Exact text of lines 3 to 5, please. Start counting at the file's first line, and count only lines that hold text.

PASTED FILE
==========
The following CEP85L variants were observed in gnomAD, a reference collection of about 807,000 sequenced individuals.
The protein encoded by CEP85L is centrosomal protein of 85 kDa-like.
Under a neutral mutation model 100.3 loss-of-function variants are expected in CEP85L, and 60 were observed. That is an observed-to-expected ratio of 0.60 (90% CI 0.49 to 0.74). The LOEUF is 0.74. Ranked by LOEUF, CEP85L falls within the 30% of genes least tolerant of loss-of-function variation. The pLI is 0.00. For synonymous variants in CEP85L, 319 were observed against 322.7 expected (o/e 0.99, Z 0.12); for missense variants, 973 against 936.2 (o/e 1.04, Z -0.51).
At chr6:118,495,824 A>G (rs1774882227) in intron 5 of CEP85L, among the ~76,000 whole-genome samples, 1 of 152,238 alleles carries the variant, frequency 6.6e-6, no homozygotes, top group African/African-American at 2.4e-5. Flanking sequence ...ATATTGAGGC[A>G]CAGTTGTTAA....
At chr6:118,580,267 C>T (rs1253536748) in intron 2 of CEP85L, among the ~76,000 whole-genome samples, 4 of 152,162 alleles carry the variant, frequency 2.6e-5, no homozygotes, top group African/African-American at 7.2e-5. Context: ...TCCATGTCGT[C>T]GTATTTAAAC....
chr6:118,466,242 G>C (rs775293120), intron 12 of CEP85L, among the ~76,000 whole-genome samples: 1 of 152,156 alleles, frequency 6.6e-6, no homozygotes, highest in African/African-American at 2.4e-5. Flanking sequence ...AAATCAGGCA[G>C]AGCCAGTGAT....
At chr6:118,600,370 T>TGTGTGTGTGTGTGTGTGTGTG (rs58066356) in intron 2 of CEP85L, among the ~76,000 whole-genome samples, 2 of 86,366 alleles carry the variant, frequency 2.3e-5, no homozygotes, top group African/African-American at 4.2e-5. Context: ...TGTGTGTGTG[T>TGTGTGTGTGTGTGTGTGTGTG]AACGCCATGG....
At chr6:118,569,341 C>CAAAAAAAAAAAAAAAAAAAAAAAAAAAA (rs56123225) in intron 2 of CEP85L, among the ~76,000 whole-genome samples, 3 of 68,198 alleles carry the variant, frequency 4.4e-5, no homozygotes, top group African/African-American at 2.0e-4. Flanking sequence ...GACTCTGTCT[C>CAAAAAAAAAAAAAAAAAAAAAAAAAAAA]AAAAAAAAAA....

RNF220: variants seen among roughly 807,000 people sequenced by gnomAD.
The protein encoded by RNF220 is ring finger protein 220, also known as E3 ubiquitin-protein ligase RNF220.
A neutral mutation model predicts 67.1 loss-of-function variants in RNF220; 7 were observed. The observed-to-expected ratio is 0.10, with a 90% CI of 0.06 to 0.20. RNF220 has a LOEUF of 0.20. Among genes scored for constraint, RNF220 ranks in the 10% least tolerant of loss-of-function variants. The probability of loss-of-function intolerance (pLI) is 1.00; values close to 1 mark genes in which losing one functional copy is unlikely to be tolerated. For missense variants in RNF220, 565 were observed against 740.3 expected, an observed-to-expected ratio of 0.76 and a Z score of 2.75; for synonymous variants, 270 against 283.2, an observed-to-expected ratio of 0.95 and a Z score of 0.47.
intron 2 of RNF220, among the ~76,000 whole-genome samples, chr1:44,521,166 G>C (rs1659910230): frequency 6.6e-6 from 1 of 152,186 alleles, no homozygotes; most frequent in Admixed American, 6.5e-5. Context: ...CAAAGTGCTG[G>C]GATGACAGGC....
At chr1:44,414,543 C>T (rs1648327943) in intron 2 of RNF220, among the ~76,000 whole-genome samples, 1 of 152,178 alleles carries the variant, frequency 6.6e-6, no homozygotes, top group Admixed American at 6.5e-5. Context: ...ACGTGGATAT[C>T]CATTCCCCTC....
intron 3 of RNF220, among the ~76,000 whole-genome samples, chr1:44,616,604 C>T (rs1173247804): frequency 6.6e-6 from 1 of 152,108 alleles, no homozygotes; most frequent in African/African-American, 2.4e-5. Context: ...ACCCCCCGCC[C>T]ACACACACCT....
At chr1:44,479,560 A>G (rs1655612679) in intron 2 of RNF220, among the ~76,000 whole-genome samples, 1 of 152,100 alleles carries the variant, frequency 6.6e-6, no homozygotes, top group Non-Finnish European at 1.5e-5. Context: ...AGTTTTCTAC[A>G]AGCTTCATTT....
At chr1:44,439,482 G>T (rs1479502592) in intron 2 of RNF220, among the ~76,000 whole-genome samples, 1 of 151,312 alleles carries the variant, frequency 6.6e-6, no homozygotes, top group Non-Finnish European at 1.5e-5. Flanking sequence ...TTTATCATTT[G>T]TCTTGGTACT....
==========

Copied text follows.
Under a neutral mutation model 100.3 loss-of-function variants are expected in CEP85L, and 60 were observed. That is an observed-to-expected ratio of 0.60 (90% CI 0.49 to 0.74). The LOEUF is 0.74. Ranked by LOEUF, CEP85L falls within the 30% of genes least tolerant of loss-of-function variation. The pLI is 0.00. For synonymous variants in CEP85L, 319 were observed against 322.7 expected (o/e 0.99, Z 0.12); for missense variants, 973 against 936.2 (o/e 1.04, Z -0.51).
At chr6:118,495,824 A>G (rs1774882227) in intron 5 of CEP85L, among the ~76,000 whole-genome samples, 1 of 152,238 alleles carries the variant, frequency 6.6e-6, no homozygotes, top group African/African-American at 2.4e-5. Flanking sequence ...ATATTGAGGC[A>G]CAGTTGTTAA....
At chr6:118,580,267 C>T (rs1253536748) in intron 2 of CEP85L, among the ~76,000 whole-genome samples, 4 of 152,162 alleles carry the variant, frequency 2.6e-5, no homozygotes, top group African/African-American at 7.2e-5. Context: ...TCCATGTCGT[C>T]GTATTTAAAC....